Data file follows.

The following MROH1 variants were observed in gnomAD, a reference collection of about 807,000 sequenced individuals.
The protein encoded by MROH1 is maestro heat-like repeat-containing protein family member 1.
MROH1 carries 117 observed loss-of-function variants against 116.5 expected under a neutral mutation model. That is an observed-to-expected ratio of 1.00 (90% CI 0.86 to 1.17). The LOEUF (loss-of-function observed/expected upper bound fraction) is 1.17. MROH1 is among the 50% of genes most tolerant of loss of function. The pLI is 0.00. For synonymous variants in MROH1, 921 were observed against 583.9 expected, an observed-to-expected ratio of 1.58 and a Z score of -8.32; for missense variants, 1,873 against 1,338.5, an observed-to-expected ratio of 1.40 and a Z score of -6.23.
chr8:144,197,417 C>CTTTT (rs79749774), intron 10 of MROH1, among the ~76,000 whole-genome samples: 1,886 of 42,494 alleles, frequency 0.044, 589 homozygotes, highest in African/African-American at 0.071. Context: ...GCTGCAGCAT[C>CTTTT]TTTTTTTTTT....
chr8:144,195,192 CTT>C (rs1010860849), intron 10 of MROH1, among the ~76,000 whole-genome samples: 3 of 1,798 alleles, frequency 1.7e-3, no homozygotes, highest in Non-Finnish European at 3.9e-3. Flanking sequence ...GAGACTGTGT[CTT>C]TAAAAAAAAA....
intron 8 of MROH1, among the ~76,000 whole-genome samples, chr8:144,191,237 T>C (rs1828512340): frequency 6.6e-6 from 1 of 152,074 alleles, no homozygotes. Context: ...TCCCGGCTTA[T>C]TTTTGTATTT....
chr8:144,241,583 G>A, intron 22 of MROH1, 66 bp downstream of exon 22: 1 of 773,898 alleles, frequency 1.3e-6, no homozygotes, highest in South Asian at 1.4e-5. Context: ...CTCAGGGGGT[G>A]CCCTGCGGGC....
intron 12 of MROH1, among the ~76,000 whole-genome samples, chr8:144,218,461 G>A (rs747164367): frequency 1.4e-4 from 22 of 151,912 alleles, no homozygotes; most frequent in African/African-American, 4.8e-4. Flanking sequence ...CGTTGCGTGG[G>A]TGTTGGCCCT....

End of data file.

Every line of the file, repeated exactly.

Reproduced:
The following MROH1 variants were observed in gnomAD, a reference collection of about 807,000 sequenced individuals.
The protein encoded by MROH1 is maestro heat-like repeat-containing protein family member 1.
MROH1 carries 117 observed loss-of-function variants against 116.5 expected under a neutral mutation model. That is an observed-to-expected ratio of 1.00 (90% CI 0.86 to 1.17). The LOEUF (loss-of-function observed/expected upper bound fraction) is 1.17. MROH1 is among the 50% of genes most tolerant of loss of function. The pLI is 0.00. For synonymous variants in MROH1, 921 were observed against 583.9 expected, an observed-to-expected ratio of 1.58 and a Z score of -8.32; for missense variants, 1,873 against 1,338.5, an observed-to-expected ratio of 1.40 and a Z score of -6.23.
chr8:144,197,417 C>CTTTT (rs79749774), intron 10 of MROH1, among the ~76,000 whole-genome samples: 1,886 of 42,494 alleles, frequency 0.044, 589 homozygotes, highest in African/African-American at 0.071. Context: ...GCTGCAGCAT[C>CTTTT]TTTTTTTTTT....
chr8:144,195,192 CTT>C (rs1010860849), intron 10 of MROH1, among the ~76,000 whole-genome samples: 3 of 1,798 alleles, frequency 1.7e-3, no homozygotes, highest in Non-Finnish European at 3.9e-3. Flanking sequence ...GAGACTGTGT[CTT>C]TAAAAAAAAA....
intron 8 of MROH1, among the ~76,000 whole-genome samples, chr8:144,191,237 T>C (rs1828512340): frequency 6.6e-6 from 1 of 152,074 alleles, no homozygotes. Context: ...TCCCGGCTTA[T>C]TTTTGTATTT....
chr8:144,241,583 G>A, intron 22 of MROH1, 66 bp downstream of exon 22: 1 of 773,898 alleles, frequency 1.3e-6, no homozygotes, highest in South Asian at 1.4e-5. Context: ...CTCAGGGGGT[G>A]CCCTGCGGGC....
intron 12 of MROH1, among the ~76,000 whole-genome samples, chr8:144,218,461 G>A (rs747164367): frequency 1.4e-4 from 22 of 151,912 alleles, no homozygotes; most frequent in African/African-American, 4.8e-4. Flanking sequence ...CGTTGCGTGG[G>A]TGTTGGCCCT....